Parasite: Film Review – Infectiously Thought-Provoking

Parasite: Film Review – Infectiously Thought-Provoking

By Pooja Pande1 February, 2020 2 min read
Parasite: Film Review – Infectiously Thought-Provoking

Verdict: This stunning masterpiece is worth the hype.

Parasite,‌ ‌a‌ ‌satirical‌ ‌take‌ ‌on‌ ‌the‌ ‌socio-economic‌ ‌class‌ ‌wars‌ ‌based‌ ‌in‌ ‌South‌ ‌Korea,‌ ‌has‌ ‌a‌ ‌universal‌ ‌‌‌‌‌‌appeal‌ and ‌‌hold‌s ‌water‌ ‌even‌ ‌when‌ ‌we‌ ‌change‌ ‌the‌ ‌countries‌ ‌and‌ ‌people.‌ ‌After getting ‌six‌ ‌nominations‌ ‌for ‌the‌ ‌92nd‌ ‌Academy ‌Awards,‌ ‌winning the Best‌ ‌Foreign‌ ‌Language‌ ‌Film‌ ‌award‌ ‌at the‌ ‌77th‌ ‌Golden‌ ‌Globe‌, ‌and‌ ‌having many‌ ‌more nominations and wins under its belt,‌ ‌Parasite‌ ‌has finally released in India.‌

What’s‌ ‌Parasite‌ ‌About:‌ ‌

The‌ ‌Kims‌ ‌manage‌ ‌to‌ ‌make‌ ‌ends‌ ‌meet‌ ‌by‌ ‌folding‌ ‌pizza‌ ‌boxes‌ ‌for‌ ‌a‌ ‌local‌ ‌pizza‌ ‌place‌ ‌and‌ ‌stay‌ ‌in‌ ‌a‌ ‌semi-basement.‌ ‌The‌ ‌parents‌ ‌Ki-taek‌ ‌(Song‌ ‌Kang-ho)‌ ‌and‌ ‌Chung-sook‌ ‌(Chang‌ ‌Hyae-jin)‌ ‌are‌ ‌currently‌ ‌jobless‌ ‌while‌ ‌the‌ ‌kids‌ ‌Ki-woo‌ ‌(Choi‌ ‌Woo-shik)‌ ‌and‌ ‌Ki-jeong‌ ‌(Park‌ ‌So-dam)‌ ‌are‌ ‌hopeful ambitious‌ ‌young‌ ‌adults who‌ ‌want‌ ‌to‌ ‌turn‌ ‌their‌ ‌life‌ ‌around.‌‌‌ The Kims ‌are‌ ‌close‌ ‌even when they‌ ‌scramble‌ ‌across‌ ‌the‌ ‌corners‌ ‌of‌ ‌their‌ ‌house‌ ‌for‌ ‌free‌ ‌Wi-Fi‌ ‌signals‌ ‌and‌ ‌have‌ ‌to‌ ‌deal‌ ‌with‌ ‌a‌ ‌drunk‌ man ‌urinating‌ ‌just‌ ‌outside‌ ‌their‌ ‌window.‌ ‌Ki-woo’s‌ ‌wealthy‌ ‌friend‌ ‌Min‌ ‌offers‌ ‌him ‌an‌ ‌opportunity‌ ‌to‌ ‌replace‌ ‌him‌ ‌as‌ ‌a‌ ‌tutor‌ ‌to‌ ‌a‌ ‌“rich‌ ‌student”‌ ‌Da-hye‌ ‌Park,‌ ‌the teenaged daughter‌ ‌of‌ ‌an upper-class‌ ‌couple.‌ ‌As‌ ‌Ki-woo‌ ‌is‌ ‌finishing‌ ‌off‌ ‌his‌ ‌first‌ ‌class‌ ‌with‌ ‌the‌ ‌young‌ ‌girl,‌ ‌‌Ki‌‌-woo spots ‌an‌ ‌opportunity‌ ‌to‌ ‌pitch‌ ‌his‌ ‌sister‌ ‌Ki-jeong‌ ‌aka‌ ‌Jessica‌ ‌as‌ ‌Da-hye’s‌ ‌kid‌ ‌brother’s‌ ‌art‌ ‌teacher.‌ ‌Soon enough, the whole family is employed by the Parks.‌ ‌However,‌ ‌the‌y maintain an act that they only know each other strictly‌ ‌professionally.‌ ‌Just as things seem comfortable, a major‌ ‌shift‌ ‌in‌ ‌the‌ ‌narrative‌ ‌happens‌ ‌when‌ ‌the‌ ‌Parks‌ make an unexpectedly quick return from a camping trip.‌

What‌ ‌Works:‌ ‌

Parasite ‌swiftly‌ ‌establishes‌ ‌the‌ ‌sharp‌ ‌‌‌‌‌‌‌‌socio-economic ‌abyss‌ ‌between‌ ‌the‌ ‌Kims‌ ‌and‌ ‌the‌ ‌Parks‌ ‌and‌ ‌maintains‌ ‌it‌ ‌till‌ ‌the‌ ‌end.‌ ‌The‌ ‌film‌ ‌also‌ ‌cleverly‌ ‌shows‌ ‌us‌ ‌the‌ ‌intrafamilial‌ ‌dynamics‌ ‌without‌ ‌ever‌ spelling‌ ‌it‌ ‌out.‌ ‌The‌ ‌Parks‌ ‌with‌ ‌their‌ ‌sophisticated‌ ‌ways‌ ‌and‌ ‌a‌ ‌gorgeous‌ ‌house‌ ‌are‌ ‌still‌ ‌distant ‌from‌ ‌one‌ ‌another‌ ‌while‌ ‌the‌ ‌Kims‌ ‌stick‌ ‌together‌ ‌not‌ ‌just‌ ‌for‌ ‌emotional‌ ‌bonds‌ ‌but‌ ‌also‌ ‌to‌ ‌get‌ ‌by.‌ ‌The‌ ‌script‌ ‌is‌ ‌tight‌ ‌with‌ ‌no‌ ‌white‌ ‌spaces‌ ‌and‌ ‌every‌ ‌frame‌ ‌seems‌ ‌calculated‌ ‌and‌ ‌structured‌ ‌with‌ ‌the‌ ‌intent‌ ‌to‌ ‌highlight‌ ‌the‌ ‌nuances‌ ‌of‌ ‌class‌ ‌wars; like ‌the‌ ‌“subway‌ ‌smell”‌ ‌Ki-taek‌ apparently ‌gives‌ ‌off‌, or‌ ‌how‌ ‌the‌ ‌tutors,‌ ‌drivers‌, and‌ ‌housekeepers‌ ‌cannot‌ ‌“cross‌ ‌the‌ ‌line”‌ ‌but‌ ‌the‌ ‌Parks‌ ‌summon‌ ‌the‌ ‌Kims‌ ‌whenever‌ ‌they‌ ‌please.‌ ‌The‌ ‌film‌ ‌neither‌ ‌glorifies‌ ‌wealth‌ ‌nor‌ ‌romanticizes‌ ‌poverty‌ ‌but‌ ‌rather‌ ‌lets‌ ‌us‌ ‌figure‌ ‌out‌ ‌the‌ ‌disturbing‌ ‌dynamics‌ ‌between‌ ‌the‌ ‌haves,‌ ‌the‌ ‌have-nots,‌ ‌and‌ ‌the‌ ‌lesser‌ ‌visible‌ ‌have-nothings.‌ ‌Despite‌ ‌the‌ ‌grave‌ ‌subject‌ ‌matter,‌ ‌the‌ ‌film‌ ‌is‌ ‌a‌ ‌satire‌ ‌that’s‌ ‌funny‌ ‌in‌ ‌places.‌ ‌The‌ ‌actors‌ ‌are‌ ‌effortless‌ ‌and‌ ‌the‌ ‌story’s‌ ‌charm‌ ‌lies‌ ‌in‌ ‌its‌ ‌simplicity‌ ‌and‌ ‌intricately‌-designed‌ ‌ thematic‌ ‌insignia‌ placed strategically throughout‌ ‌the‌ ‌movie.‌ ‌Parasite‌ ‌is‌ ‌a‌ ‌layered‌ ‌masterpiece‌ ‌that‌ ‌is‌ ‌impressive‌ ‌even‌ ‌at‌ ‌its‌ ‌face‌ ‌value.‌ ‌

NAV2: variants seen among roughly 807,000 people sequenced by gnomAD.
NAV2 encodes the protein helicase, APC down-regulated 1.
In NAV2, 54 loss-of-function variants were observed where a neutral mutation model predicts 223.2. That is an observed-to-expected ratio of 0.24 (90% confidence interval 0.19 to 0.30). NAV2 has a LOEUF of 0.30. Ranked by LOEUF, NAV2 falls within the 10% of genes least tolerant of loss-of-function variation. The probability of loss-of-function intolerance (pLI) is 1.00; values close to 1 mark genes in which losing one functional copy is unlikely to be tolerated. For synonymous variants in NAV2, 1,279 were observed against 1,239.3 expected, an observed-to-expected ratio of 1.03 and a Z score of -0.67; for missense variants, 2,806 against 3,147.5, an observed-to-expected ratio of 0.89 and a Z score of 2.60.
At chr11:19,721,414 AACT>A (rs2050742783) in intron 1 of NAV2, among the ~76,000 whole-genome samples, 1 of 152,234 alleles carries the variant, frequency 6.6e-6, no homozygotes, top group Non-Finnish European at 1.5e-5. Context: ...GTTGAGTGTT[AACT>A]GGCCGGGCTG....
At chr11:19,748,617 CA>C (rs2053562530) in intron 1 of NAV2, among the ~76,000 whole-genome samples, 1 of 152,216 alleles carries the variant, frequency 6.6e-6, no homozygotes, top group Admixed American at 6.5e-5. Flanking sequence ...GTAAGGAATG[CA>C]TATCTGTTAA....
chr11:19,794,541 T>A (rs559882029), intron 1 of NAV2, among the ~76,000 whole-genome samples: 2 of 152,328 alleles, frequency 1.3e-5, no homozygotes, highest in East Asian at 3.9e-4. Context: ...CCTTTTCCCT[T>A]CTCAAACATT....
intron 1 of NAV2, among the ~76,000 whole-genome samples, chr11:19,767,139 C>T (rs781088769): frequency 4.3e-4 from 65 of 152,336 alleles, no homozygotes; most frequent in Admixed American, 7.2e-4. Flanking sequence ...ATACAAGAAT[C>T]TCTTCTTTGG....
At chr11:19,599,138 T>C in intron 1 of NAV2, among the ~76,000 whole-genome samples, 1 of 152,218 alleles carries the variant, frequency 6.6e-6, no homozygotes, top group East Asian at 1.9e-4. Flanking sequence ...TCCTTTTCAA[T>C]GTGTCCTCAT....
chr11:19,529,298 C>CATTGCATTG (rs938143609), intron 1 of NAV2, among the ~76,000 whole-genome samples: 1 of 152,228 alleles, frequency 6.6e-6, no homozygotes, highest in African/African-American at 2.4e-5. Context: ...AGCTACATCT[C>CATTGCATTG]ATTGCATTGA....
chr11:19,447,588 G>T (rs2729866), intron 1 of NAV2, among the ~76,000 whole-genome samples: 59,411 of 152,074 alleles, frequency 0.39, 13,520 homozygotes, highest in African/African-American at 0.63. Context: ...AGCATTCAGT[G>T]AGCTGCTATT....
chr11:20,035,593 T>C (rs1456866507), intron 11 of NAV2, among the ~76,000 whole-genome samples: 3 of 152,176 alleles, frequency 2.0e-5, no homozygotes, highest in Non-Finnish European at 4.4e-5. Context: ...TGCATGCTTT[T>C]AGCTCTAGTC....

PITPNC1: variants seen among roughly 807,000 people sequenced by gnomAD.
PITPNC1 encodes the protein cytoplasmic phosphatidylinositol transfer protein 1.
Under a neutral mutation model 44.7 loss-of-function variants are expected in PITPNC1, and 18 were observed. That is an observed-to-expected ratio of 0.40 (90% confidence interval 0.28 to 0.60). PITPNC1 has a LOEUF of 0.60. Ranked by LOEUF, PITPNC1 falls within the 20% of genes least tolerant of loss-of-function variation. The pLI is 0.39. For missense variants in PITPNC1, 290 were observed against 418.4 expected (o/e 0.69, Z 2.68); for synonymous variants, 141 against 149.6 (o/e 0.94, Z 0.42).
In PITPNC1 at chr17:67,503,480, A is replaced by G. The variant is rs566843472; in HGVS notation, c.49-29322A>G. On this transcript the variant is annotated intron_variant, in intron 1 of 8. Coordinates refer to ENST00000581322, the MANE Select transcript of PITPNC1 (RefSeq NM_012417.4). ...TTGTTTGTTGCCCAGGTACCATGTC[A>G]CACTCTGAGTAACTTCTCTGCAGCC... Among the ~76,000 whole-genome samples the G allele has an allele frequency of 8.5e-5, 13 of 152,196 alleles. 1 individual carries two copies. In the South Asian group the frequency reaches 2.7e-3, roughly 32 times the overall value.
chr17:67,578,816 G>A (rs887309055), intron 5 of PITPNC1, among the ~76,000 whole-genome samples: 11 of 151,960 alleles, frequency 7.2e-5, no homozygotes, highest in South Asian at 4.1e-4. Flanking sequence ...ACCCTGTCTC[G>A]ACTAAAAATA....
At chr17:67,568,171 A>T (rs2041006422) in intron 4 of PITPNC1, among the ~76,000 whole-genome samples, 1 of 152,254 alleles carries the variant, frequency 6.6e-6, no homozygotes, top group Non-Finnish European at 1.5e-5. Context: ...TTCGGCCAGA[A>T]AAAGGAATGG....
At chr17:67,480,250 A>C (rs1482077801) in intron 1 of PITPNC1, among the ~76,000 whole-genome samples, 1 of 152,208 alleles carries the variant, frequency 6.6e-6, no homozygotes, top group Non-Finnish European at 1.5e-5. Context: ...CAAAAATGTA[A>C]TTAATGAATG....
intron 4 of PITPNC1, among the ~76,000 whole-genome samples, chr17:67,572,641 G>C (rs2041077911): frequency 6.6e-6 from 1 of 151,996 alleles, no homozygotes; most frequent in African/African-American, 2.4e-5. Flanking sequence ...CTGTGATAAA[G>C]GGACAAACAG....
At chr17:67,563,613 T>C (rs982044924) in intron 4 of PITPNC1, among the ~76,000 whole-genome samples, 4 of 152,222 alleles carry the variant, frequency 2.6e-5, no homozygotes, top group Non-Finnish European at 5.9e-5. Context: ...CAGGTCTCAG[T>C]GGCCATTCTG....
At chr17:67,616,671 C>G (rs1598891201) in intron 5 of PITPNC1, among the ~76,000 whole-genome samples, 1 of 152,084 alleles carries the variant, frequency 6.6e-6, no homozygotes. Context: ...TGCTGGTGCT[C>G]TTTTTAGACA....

What‌ ‌Could’ve‌ ‌Been‌ ‌Better:‌ ‌

The‌ ‌cons‌ ‌pulled‌ ‌by‌ ‌the‌ ‌family‌ ‌to‌ ‌secure‌ ‌the‌ ‌jobs‌ ‌in‌ ‌the‌ ‌Park‌ ‌household‌ ‌seem‌ ‌a‌ ‌little‌ ‌too‌ ‌convenient‌ ‌but‌ ‌nothing‌ ‌that‌ ‌a‌ ‌little‌ ‌suspension‌ ‌of‌ ‌disbelief‌ ‌won’t‌ ‌fix.‌ ‌

Why‌ ‌You‌ ‌Should‌ ‌Watch:‌ ‌

Parasite‌ ‌is‌ ‌an ‌Oscar-nominated‌ ‌film‌ ‌that‌ ‌will‌ ‌screen‌ ‌for‌ ‌a‌ ‌limited‌ ‌time‌ ‌and‌ ‌this‌ ‌is‌ ‌a‌ ‌film‌ ‌no‌ ‌cinephile‌ ‌should‌ ‌miss.‌ ‌It’s‌ ‌funny,‌ ‌poignant,‌ ‌and‌ ‌downright‌ ‌brilliant.‌ ‌What more? One simply doesn’t miss out on a movie that has won four Academy Award in 2020 – Best Picture, Best Director, Best Foreign Language Film, Best Original Screenplay.

Tags: #Bong Joon Ho #comedy #Crime #Jeong-eun Lee #Kang-ho Song #korean #korean reviews #Masterpiece #Parasite #Reviews #So-dam Park #Sun-kyun Lee #Woo-sik Choi #Yeo-jeong Jo
Pooja Pande
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Pooja Pande

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